Parker Palmer reflects on "sharing our loves and doubts" as way into more generous conversations — all through the lens of a poem by Yehuda Amichai.
A hero to some and heretic to others, once more the theologian Hans Küng has sparked much debate in Germany with his recent question, "How long do I want to live?"
A video with Parker Palmer discussing Lincoln's depression and how he sees the 16th U.S. President's ability to reconcile the darkness and lightness within himself as a lesson for us all in healing the heart of democracy.
Sally Kohn offers a vision of how we can better communicate with others who don't share our perspectives and ideas. The way in? Emotional correctness rather than political correctness.
The most populous Muslim country in the world offers a lens into the complexity of sharia and why compassion may be at the core of its implementation.
On this Mother's Day weekend, a time to celebrate the women in our lives and be real about parenting. Along with art on happiness, brainstorming reactions, and emerging forms of spirituality in Ireland.
Vigorous discussions on what we're owed and what we earn, the slow work of healing, and stories of inspiration about being alone in this busy world.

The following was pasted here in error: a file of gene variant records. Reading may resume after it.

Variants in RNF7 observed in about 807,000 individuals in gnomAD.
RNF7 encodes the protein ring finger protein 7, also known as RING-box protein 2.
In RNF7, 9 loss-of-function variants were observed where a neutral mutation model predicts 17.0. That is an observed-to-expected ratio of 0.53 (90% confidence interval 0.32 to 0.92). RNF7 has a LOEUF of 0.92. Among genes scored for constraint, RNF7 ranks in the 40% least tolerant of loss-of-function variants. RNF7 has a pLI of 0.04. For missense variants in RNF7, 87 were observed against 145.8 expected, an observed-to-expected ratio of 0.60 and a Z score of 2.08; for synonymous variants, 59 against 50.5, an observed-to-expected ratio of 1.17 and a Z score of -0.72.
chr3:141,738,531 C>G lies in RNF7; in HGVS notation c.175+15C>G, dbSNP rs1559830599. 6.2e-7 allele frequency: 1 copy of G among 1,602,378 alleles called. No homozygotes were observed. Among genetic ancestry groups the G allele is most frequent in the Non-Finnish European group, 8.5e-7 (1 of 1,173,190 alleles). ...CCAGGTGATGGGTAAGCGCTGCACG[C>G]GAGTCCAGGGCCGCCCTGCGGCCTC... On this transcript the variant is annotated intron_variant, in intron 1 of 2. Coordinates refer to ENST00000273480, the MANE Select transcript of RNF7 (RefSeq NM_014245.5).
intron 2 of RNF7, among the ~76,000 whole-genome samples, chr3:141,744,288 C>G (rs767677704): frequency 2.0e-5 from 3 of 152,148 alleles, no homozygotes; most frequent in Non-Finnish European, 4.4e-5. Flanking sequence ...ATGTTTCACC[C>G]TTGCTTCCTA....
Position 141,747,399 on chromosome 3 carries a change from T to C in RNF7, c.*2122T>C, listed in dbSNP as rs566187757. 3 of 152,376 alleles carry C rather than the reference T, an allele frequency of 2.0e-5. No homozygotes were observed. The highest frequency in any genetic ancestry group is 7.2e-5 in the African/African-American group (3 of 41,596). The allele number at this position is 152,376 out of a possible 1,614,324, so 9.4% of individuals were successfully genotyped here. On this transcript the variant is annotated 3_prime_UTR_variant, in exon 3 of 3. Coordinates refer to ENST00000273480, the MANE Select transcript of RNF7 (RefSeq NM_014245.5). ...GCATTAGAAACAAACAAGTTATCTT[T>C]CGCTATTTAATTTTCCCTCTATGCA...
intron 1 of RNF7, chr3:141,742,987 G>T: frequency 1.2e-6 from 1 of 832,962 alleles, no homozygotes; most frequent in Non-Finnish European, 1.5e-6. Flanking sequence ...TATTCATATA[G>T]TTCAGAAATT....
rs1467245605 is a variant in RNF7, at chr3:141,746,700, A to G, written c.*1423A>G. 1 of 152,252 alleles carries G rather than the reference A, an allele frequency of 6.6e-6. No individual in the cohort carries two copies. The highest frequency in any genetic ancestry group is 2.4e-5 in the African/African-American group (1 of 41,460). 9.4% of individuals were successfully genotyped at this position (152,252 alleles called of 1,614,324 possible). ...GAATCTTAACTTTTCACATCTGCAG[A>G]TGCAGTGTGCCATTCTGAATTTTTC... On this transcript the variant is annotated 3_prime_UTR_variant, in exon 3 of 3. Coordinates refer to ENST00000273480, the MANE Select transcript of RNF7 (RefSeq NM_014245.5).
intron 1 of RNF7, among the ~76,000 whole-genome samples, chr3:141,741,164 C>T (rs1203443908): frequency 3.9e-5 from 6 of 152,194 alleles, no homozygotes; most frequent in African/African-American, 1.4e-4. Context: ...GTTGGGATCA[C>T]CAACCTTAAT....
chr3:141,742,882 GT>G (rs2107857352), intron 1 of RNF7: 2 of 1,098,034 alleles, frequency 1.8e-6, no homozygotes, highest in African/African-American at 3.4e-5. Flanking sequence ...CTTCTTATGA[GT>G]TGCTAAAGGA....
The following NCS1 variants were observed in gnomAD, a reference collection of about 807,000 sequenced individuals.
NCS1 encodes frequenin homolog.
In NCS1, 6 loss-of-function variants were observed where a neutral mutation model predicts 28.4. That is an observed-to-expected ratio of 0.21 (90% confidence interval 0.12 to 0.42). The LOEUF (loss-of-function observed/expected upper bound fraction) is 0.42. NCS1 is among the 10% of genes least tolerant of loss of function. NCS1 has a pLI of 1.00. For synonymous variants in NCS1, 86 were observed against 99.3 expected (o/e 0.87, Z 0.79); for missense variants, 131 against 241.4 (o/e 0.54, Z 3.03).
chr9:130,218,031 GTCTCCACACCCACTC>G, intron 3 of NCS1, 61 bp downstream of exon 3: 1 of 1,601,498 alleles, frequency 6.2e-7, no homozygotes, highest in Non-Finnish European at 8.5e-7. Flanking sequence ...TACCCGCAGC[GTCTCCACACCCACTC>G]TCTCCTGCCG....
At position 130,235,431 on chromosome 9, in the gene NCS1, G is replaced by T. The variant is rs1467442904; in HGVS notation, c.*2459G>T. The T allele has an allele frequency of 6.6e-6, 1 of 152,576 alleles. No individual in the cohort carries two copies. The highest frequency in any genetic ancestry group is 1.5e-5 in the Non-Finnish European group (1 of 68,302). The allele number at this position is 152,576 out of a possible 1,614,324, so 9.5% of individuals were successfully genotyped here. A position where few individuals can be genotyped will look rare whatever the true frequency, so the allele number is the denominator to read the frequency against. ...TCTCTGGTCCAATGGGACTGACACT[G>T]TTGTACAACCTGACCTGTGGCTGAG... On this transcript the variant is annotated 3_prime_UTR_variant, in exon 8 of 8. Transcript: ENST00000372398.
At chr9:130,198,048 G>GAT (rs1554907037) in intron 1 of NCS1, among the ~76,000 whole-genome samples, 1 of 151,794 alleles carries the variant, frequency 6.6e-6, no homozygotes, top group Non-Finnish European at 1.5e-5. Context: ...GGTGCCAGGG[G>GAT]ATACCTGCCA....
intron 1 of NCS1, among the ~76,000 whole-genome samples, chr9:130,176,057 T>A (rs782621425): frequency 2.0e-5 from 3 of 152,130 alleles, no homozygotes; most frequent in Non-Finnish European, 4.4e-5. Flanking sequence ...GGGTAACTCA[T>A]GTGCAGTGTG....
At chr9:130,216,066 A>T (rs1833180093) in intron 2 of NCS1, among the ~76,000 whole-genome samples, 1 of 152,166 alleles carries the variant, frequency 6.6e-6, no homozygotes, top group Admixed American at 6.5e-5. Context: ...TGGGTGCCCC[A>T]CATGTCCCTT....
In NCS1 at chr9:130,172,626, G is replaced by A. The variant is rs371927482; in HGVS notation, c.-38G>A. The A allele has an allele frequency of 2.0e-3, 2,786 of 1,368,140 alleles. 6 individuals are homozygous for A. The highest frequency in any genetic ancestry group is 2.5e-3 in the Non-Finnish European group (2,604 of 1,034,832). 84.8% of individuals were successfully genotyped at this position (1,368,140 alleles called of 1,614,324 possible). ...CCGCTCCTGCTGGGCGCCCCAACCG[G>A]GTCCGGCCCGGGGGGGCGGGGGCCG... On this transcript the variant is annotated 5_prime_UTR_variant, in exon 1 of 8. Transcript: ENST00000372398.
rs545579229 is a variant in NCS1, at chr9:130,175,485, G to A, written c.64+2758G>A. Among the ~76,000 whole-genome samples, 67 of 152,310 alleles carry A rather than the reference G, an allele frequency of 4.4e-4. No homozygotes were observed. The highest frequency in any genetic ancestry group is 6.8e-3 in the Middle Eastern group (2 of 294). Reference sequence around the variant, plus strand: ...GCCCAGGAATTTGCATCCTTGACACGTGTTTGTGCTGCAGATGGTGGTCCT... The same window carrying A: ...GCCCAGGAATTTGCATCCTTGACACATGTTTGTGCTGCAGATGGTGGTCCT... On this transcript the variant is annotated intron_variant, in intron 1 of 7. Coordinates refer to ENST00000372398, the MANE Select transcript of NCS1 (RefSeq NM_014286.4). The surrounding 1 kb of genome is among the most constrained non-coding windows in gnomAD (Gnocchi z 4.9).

What better way to follow up our show with poet Elizabeth Alexander than to listen to the redemptive words of his second inaugural poet, Richard Blanco. A true pleasure.
In a fun, lively conversation with the comedian extraordinaire, Joanna Brooks discusses the fears, tensions, and survivalist instinct of Mormons of today. And Jon Stewart offers some advice on her "baby" religion growing up.
Given the U.S. media attention on both Mormonism and Islam of late, it is a worthwhile moment to note how much both groups have in common. Ask Mormon Girl Joanna Brooks and Tamarra Kemsley on what's at stake when goals of family and faith are the centering form of unity.
Does media coverage of Mitt Romney point out a disconnect between the spaces in which we live and the way we've publicly lived religion?